Disaggregating Activities of Daily Living Limitations for Predicting Nursing Home Admission
Objective To examine whether disaggregated activities of daily living (ADL) limitations better predict the risk of nursing home admission compared to conventionally used ADL disability counts. Data Sources We used panel data from the Health and Retirement Study (HRS) for years 1998–2010. The HRS is a nationally representative survey of adults older than 50 years (n = 18,801). Study Design We fitted Cox regressions in a continuous time survival model with age at first nursing home admission as the outcome. Time-varying ADL disability types were the key explanatory variables. Principal Findings Of the six ADL limitations, bathing difficulty emerged as the strongest predictor of subsequent nursing home placement across cohorts. Eating and dressing limitations were also influential in driving admissions among more recent cohorts. Using simple ADL counts for analysis yielded similar adjusted R2s; however, the amount of explained variance doubled when we allowed the ADL disability measures to time-vary rather than remain static. Conclusions Looking beyond simple ADL counts can provide health professionals insights into which specific disability types trigger long-term nursing home use. Functional disabilities measured closer in time carry more prognostic power than static measures.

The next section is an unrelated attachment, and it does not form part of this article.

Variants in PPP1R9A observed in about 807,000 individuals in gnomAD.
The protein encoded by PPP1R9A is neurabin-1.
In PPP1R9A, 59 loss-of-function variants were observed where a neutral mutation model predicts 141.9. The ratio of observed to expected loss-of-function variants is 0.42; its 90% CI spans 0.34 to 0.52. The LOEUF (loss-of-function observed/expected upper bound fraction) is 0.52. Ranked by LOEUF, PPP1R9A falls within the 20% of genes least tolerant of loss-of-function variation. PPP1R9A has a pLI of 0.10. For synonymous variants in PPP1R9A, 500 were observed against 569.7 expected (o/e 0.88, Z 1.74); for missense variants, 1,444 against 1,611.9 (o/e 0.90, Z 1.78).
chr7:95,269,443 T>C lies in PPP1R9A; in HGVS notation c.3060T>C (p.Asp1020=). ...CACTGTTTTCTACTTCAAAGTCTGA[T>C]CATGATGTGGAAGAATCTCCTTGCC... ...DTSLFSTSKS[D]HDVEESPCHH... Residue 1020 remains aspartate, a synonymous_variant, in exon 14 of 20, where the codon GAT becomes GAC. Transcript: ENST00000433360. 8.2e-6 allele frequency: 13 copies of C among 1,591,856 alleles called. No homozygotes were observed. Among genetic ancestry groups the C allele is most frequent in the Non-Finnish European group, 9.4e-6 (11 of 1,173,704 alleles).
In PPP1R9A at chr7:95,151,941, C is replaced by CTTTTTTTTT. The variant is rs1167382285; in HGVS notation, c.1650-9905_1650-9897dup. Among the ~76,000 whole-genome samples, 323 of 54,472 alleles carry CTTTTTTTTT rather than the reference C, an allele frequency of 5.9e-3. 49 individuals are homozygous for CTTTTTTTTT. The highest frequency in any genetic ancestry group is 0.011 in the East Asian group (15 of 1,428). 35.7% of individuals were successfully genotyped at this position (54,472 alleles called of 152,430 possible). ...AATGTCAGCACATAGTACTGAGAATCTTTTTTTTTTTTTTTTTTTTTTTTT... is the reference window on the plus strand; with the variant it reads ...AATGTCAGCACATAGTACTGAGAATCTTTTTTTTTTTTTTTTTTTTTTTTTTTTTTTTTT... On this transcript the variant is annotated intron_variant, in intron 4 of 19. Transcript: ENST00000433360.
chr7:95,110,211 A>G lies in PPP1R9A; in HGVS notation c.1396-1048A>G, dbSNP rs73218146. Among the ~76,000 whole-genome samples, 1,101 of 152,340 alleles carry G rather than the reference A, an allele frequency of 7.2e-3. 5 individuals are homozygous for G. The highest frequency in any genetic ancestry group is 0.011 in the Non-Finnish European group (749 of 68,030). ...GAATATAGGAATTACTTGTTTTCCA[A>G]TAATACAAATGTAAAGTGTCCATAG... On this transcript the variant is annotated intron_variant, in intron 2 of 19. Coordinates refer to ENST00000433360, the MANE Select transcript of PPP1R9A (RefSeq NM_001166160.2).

Long-term care, disability, aging, hazard rates, ADLs
Health Services Research
Fong, Joelle H. Y.; Mitchell, Olivia S.; and KOH, Seng Kee Benedict.
Disaggregating Activities of Daily Living Limitations for Predicting Nursing Home Admission. (2014). Health Services Research. Research Collection Lee Kong Chian School Of Business.
Available at: http://ink.library.smu.edu.sg/lkcsb_research/4146